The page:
The same result was reached in Norman v. Bayer Corp., 2016 WL 4007547 (D. Conn. July 26, 2016):

A tort for failure to warn a victim exists under Connecticut law.  But this is a duty to the plaintiff herself, not to some third party, who might then report the danger to the plaintiff.  There is no general or background duty under Connecticut law to report risks to a regulatory body.

Id. at *4 (emphasis original).  Norman recognized the inapplicability of Restatement [(Second) of Torts §388 [1965] to this situation and criticized Stengel for attempting to analogize the two:

[I]t does not follow from this principle [Restatement §388, comment n] that defendants had a state-law duty to warn the FDA, a third party with no relationship to plaintiff.  The analogous party to the shop owner in [comment n] is plaintiff’s doctor − who had a direct relationship with plaintiff and provided the device − not the FDA.  Further, because of the FDA’s independence and bureaucratic process, defendants hardly would have had any “reasonable assurance” that the reported information would have reached plaintiff.  Absent the specific reporting requirements of the FDCA, no Connecticut court would have imposed a duty on defendants to report adverse events to the FDA, rather than alter the warning label or communicate with plaintiff and her doctor.

Id.  Accord Pratt v. Bayer Corp., 2020 WL 5749956, at *8 (D. Conn. Sept. 25, 2020) (“there is no general or background duty under Connecticut law to report risks to a regulatory body”) (quoting and following Norman); Doe v. Bausch & Lomb, 443 F. Supp.3d 259, 273 (D. Conn. 2020) (failure-to-report claim was “wholly derivative of the FDCA”; finding no “duty under Connecticut law that required the Defendants to warn or communicate adverse events to the FDA”) (following Norman); D’Addario v. Johnson & Johnson, 2020 WL 3546750, at *5 (D.N.J. June 30, 2020) (finding “no separate state law duty to warn the FDA”) (citation omitted) (applying Connecticut law); Simoneau v. Stryker Corp., 2014 WL 1289426, at *10 (D. Conn. March 31, 2014) (plaintiff “identifies no separate state law duty to warn the FDA”).  See also [In re Allergan Biocell Textured Breast Implant Products Liability Litigation], 2021 WL 1050910, at *29 [((D.N.J. March 19, 2021)] (following Norman).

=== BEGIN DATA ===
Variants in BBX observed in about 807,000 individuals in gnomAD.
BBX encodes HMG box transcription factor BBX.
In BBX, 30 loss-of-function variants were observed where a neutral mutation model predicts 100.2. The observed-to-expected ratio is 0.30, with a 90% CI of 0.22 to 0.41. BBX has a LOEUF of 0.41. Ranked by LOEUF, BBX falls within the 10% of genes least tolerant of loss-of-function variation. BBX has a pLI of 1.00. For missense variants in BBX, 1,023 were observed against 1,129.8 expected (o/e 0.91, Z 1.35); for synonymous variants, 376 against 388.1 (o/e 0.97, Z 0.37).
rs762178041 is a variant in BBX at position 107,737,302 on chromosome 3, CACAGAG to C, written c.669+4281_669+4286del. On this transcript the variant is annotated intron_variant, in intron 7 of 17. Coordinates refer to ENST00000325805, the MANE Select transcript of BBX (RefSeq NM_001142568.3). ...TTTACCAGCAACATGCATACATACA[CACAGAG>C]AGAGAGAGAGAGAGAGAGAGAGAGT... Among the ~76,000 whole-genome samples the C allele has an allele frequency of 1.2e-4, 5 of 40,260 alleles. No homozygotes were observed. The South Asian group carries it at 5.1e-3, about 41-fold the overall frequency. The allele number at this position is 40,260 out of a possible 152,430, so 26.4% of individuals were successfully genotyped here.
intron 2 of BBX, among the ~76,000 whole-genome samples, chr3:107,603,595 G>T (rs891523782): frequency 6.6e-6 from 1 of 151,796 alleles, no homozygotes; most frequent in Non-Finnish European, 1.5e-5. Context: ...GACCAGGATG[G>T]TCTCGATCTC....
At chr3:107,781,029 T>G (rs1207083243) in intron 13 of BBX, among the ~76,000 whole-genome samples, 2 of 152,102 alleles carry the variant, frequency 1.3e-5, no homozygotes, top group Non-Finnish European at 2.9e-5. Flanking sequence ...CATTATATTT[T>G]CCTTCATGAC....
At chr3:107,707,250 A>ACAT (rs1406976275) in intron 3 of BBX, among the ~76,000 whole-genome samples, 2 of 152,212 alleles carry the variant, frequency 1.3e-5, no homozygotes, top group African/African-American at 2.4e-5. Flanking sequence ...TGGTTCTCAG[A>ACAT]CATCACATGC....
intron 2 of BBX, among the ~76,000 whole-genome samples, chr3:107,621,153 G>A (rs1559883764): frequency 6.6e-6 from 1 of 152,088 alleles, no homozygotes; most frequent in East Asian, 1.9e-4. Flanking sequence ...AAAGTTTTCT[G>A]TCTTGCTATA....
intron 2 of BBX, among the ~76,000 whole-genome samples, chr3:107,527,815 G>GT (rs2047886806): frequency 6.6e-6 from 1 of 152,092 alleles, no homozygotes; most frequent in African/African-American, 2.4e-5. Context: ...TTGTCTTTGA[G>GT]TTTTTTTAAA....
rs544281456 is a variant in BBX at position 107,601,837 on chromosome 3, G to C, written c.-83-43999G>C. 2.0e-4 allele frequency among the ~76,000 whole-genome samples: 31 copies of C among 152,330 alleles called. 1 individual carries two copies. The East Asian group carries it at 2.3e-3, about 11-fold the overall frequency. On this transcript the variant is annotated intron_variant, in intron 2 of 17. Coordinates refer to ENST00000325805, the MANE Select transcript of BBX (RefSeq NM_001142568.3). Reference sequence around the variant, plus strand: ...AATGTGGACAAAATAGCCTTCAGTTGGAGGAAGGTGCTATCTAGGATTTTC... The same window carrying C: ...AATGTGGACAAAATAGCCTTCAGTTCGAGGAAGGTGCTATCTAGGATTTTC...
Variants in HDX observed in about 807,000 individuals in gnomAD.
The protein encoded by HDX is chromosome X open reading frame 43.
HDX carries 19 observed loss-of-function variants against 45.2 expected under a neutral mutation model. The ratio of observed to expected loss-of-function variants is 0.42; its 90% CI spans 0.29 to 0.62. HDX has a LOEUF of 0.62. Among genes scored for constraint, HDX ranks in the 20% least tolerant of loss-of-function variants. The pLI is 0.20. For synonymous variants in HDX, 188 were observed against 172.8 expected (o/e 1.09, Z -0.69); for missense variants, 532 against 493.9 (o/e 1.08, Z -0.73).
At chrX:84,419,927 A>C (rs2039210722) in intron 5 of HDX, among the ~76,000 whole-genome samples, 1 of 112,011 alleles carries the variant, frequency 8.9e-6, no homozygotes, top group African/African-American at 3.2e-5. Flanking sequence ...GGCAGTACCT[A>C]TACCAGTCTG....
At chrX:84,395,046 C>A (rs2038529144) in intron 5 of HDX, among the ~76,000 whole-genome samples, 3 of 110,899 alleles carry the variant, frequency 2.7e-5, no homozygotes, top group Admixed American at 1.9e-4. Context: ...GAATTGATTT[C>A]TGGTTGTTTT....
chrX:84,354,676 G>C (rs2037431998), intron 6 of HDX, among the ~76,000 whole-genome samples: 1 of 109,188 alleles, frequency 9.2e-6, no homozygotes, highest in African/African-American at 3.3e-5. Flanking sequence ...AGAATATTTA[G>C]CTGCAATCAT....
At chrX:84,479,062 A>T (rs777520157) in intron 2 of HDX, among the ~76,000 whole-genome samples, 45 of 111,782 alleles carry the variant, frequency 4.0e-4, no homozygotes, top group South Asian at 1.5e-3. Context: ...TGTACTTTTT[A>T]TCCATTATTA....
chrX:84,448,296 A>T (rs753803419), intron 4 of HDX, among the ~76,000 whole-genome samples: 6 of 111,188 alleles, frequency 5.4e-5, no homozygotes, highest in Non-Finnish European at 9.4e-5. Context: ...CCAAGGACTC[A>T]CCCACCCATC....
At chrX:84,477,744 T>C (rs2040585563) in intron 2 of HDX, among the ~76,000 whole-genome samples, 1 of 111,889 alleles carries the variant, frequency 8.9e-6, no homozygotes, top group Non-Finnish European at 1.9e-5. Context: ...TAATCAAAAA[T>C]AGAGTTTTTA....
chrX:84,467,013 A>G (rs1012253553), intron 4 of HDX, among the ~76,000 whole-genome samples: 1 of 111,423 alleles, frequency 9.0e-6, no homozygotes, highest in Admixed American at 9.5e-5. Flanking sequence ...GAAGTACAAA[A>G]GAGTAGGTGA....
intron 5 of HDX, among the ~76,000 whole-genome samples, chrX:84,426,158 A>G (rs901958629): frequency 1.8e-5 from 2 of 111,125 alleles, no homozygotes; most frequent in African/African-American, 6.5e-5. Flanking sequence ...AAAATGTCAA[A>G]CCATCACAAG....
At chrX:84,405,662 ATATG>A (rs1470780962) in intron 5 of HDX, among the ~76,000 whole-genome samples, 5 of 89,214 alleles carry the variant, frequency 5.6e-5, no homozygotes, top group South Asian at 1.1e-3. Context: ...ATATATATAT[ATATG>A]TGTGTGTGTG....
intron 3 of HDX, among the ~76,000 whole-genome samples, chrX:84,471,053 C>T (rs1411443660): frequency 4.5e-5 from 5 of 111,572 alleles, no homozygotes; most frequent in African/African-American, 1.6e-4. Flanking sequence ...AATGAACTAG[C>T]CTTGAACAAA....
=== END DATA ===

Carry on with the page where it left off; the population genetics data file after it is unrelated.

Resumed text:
We note that Doe v. Bausch & Lomb, 443 F. Supp.3d 259 (D. Conn. 2020), cited above, is the decision that was appealed in Glover, the plaintiffs having evidently abandoned their attempt to proceed pseudonymously.

In addition to failure to report, the Second Circuit certified a second question to the Connecticut Supreme Court, concerning whether the Connecticut product liability statute subsumes claims under Connecticut’s consumer protection statute.  The product liability statute states that it “shall be in lieu of all other claims against product sellers, including actions of negligence, strict liability and warranty, for harm caused by a product.”  Conn. Gen. Stat. Ann. §52-572n(a).  Despite alleging failure to warn and design defect claims, plaintiffs tried to shoehorn their consumer protection claims into an exception for improper promotion of non-defective products for “illegal purposes” recently created in Soto v. Bushmaster Firearms International, LLC, 202 A.3d 262, 295 (Conn. 2019).  For reasons that are less than clear, since every Connecticut case cited in Glover rejects “claim[s] based on an allegedly defective product” from being encompassed by the Soto decision, 2021 WL 3042364, at *10-11, and the claim is probably preempted in any event, id. at *9-10, the Second Circuit also certified that question:

Whether the Connecticut Product Liability Act’s exclusivity provision, bars a claim under the Connecticut Unfair Trade Practices Act, based on allegations that a manufacturer deceptively and aggressively marketed and promoted a product despite knowing that it presented a substantial risk of injury.

Id. at *12 (citations omitted).

Frankly, we don’t see either question as that unsettled to be deserving of certification − given the Connecticut precedent discussed above, and the lack of any caselaw extending Soto, in defiance of a strong exclusivity clause, to products that plaintiffs claim are defective − but since the undermanned panel (one judge died in the interim) decided to punt to the Connecticut Supreme Court, we’ll root for the defense to prevail there.

Today’s case, Bradley v. CVS Pharmacy, Inc., 2021 Cal. App. LEXIS 451, 2021 WL 2176797 (Cal. Ct. App. May 28, 2021), is not about drug or device product liability, but its discussion of deference to administrative agencies is interesting. There are several different but closely related doctrines that either require or permit judicial deference to administrative agencies. One such doctrine, typically described as the exhaustion doctrine, requires parties to exhaust their remedies in an administrative tribunal before seeking relief in court. We know this doctrine fairly well because it keeps getting used against us in our pro bono prisoner civil rights cases. Whenever we represent a prisoner alleging some sort of deprivation by prison authorities (e.g., housing or diet restrictions, access to certain written materials, discipline, etc.), the first defense raised by the other side is failure to exhaust administrative remedies. Sometimes they have a point. Sometimes they don’t.